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Bowery Mission 227-229 Bowery
The Mission's two buildings on the Bowery in 2013

The Bowery Mission is the oldest Christian rescue mission in New York City. It is well-known for its history as a soup kitchen and men's shelter located at 227 Bowery between Rivington Street and Stanton Street in the Bowery neighborhood of Manhattan, New York City. Today, the organization provides programs and services at six campuses across the NYC metro area.


The Bowery Mission was founded in 1879 by the Reverend Albert Gleason Ruliffson and his wife. It was the third rescue mission established in the United States, and the second in New York City.

In 1895 the Mission was bought by Dr. Louis Klopsch, owner of The Christian Herald, to save it from economic distress. It became one of many domestic charities sponsored by the publication. Klopsch also bought the building it was in, which up to that time had been leased, and became the president. The Mission was formally incorporated as Bowery Mission and Young Men's Home in 1897.

One prominent board member was Sarah J. Bird, a philanthropist who was known as "the Mother of the Bowery Mission" due to her long-time service to the organization from 1881 to 1914.

In 1900, The Bowery Mission came under the supervision of John Greener Hallimond, originally from England. Hallimond introduced many innovative services, such as a home for women in Brooklyn, an employment agency and the famed breadline, which began in 1902.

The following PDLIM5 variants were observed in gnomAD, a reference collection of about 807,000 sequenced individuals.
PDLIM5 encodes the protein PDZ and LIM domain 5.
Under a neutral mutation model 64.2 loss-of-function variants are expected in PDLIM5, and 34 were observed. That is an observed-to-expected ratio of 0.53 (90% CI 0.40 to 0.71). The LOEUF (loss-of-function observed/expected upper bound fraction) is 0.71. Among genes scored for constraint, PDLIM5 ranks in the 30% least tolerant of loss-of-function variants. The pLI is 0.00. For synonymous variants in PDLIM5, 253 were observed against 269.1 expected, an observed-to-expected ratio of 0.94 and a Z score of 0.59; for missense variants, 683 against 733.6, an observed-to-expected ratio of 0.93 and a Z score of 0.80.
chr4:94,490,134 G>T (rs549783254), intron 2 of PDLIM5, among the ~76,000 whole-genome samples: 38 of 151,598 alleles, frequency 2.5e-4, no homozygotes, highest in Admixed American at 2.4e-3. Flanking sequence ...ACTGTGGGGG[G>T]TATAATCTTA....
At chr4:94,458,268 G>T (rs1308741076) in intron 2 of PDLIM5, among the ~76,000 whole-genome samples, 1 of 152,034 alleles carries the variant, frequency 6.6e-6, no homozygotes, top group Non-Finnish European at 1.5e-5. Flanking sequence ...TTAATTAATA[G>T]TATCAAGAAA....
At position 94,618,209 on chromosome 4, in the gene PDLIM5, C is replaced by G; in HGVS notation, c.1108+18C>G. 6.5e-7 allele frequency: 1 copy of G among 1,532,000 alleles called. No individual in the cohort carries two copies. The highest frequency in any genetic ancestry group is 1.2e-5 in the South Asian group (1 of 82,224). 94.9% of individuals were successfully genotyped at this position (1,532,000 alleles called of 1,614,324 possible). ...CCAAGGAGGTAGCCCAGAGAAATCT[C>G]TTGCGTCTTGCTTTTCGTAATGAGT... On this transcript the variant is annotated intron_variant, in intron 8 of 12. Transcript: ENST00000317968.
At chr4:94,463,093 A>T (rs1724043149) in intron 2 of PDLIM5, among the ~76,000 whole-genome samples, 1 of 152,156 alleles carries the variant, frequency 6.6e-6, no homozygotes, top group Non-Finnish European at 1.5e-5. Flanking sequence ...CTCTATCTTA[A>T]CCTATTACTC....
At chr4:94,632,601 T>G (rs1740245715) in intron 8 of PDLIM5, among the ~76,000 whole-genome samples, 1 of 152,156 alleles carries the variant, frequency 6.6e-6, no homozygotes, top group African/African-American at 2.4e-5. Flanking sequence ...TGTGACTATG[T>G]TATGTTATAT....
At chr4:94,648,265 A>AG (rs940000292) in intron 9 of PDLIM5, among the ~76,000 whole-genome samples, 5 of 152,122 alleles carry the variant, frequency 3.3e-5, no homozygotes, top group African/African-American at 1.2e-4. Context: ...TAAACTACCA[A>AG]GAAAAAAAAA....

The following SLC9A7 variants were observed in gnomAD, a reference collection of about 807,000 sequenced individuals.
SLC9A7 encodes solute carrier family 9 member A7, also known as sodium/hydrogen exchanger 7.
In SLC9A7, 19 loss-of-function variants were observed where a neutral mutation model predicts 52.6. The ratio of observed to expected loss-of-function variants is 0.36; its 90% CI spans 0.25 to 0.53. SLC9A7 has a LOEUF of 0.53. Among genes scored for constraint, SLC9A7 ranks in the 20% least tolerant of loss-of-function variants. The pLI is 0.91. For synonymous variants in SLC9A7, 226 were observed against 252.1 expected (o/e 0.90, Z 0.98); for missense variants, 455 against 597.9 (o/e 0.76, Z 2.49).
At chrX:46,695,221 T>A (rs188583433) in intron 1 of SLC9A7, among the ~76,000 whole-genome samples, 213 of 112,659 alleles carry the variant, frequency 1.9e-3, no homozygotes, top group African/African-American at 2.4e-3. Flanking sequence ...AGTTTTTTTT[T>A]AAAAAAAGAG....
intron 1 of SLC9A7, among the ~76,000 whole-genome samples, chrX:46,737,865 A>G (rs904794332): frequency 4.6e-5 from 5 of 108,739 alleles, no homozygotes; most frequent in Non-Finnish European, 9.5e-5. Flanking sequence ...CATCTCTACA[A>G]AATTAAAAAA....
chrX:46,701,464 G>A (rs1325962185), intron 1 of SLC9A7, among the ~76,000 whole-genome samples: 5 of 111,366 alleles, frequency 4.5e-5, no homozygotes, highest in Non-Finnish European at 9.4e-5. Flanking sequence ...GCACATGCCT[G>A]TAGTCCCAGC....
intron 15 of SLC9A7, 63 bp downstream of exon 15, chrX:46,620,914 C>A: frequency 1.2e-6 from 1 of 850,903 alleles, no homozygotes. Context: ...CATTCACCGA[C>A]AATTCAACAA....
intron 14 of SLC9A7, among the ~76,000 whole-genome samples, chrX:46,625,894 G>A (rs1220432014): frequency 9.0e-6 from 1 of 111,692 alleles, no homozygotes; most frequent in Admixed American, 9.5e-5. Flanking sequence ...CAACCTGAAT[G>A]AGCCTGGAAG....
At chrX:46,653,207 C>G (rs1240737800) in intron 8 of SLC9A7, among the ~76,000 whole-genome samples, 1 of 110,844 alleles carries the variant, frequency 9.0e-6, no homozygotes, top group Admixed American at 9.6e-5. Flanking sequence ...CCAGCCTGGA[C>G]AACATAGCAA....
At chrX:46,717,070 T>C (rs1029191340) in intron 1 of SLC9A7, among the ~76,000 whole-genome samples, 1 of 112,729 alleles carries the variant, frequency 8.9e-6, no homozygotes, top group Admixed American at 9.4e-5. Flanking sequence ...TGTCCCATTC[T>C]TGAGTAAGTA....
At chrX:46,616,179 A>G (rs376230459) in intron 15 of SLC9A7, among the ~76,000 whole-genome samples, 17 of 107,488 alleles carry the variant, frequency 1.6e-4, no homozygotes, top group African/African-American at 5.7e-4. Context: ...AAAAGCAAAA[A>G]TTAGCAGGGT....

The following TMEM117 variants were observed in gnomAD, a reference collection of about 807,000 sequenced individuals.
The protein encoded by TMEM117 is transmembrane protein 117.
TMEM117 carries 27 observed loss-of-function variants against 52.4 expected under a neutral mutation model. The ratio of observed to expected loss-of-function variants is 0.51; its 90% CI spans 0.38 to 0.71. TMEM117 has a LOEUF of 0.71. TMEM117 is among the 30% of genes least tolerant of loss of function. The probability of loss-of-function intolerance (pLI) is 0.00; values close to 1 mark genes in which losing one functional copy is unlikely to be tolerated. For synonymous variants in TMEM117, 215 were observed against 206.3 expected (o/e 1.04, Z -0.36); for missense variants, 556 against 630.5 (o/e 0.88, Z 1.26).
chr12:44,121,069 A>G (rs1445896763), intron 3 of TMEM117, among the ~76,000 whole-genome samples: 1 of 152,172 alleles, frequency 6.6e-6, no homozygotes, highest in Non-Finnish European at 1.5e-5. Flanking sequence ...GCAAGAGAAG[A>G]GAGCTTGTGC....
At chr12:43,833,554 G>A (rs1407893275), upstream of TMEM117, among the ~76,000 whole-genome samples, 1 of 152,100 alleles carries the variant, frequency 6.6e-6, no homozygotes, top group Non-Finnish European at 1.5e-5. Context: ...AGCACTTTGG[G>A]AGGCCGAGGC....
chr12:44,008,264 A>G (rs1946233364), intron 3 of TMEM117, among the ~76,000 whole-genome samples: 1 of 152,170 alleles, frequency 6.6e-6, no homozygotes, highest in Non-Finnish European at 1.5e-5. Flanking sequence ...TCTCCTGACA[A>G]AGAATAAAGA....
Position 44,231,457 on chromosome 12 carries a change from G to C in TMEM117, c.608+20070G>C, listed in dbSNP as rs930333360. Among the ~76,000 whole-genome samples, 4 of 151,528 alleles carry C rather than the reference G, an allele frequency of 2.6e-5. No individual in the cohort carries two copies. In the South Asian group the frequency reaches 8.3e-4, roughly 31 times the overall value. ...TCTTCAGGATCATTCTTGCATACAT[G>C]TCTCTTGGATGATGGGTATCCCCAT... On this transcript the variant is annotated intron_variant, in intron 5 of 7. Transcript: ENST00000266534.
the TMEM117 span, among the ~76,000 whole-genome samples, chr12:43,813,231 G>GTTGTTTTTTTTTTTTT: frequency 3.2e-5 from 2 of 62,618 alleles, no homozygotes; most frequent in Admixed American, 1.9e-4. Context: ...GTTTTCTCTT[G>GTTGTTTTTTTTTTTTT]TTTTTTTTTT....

In November of 2017, New York City Rescue Mission became a controlled affiliate of The Bowery Mission. The organization’s 90 Lafayette St. campus is now called The Bowery Mission’s “Tribeca Campus,” and serves as the combined organization’s primary site for overnight shelter and care. In 2020, The Bowery Mission provided more than 429,500 meals, 104,000 nights of shelter, 67,500 emergency showers, and 27,600 articles of clothing. In 2019, The Bowery Mission and its controlled affiliates received more than $7.3 million worth of donated food, clothing, and other items.

In the midst of the COVID-19 pandemic, The Bowery Mission continues to provide shelter and housing for nearly 325 people every night. The organization's residential programs for women are located in Harlem and the Upper East Side. The organization's residential programs for men are located on the Bowery and in East Harlem.

The Bowery Mission in The Bowery Historic District
The bowery mission flag in 2020

Flagship Location

The mission began in a small room at 14 Bowery, where it offered prayer services, and moved to 36 Bowery in 1880. In 1887 it moved to 105 Bowery until that building was destroyed by fire in 1898, at which time they moved to 55 Bowery. When that building was scheduled to be demolished to make way for the approaches to the Manhattan Bridge, the mission moved to its current location at 227 Bowery. Today, the Mission also owns the building next door at 229 Bowery.

The Mission's building at 227 Bowery was designated a New York City landmark on June 26, 2012. It was built in 1876 for James Stolts, an undertaker and manufacturer of coffins, and was designed by William Jose in the neo-Grec style. It was altered in 1908-09 for the Mission's use by Marshall L. and Henry G. Emery, who added the stained glass windows on the second floor and remodeled the interior of that floor into a chapel in the Gothic Revival style.

Connection to Mont Lawn Camp

In 1894, with money left over from a food drive, Klopsch created a "Fresh Air Home" in Nyack, New York to serve children of recent immigrants. It remained at Nyack-on-the-Hudson for 69 years before it moved to the Pocono Mountains in Pennsylvania in 1963.

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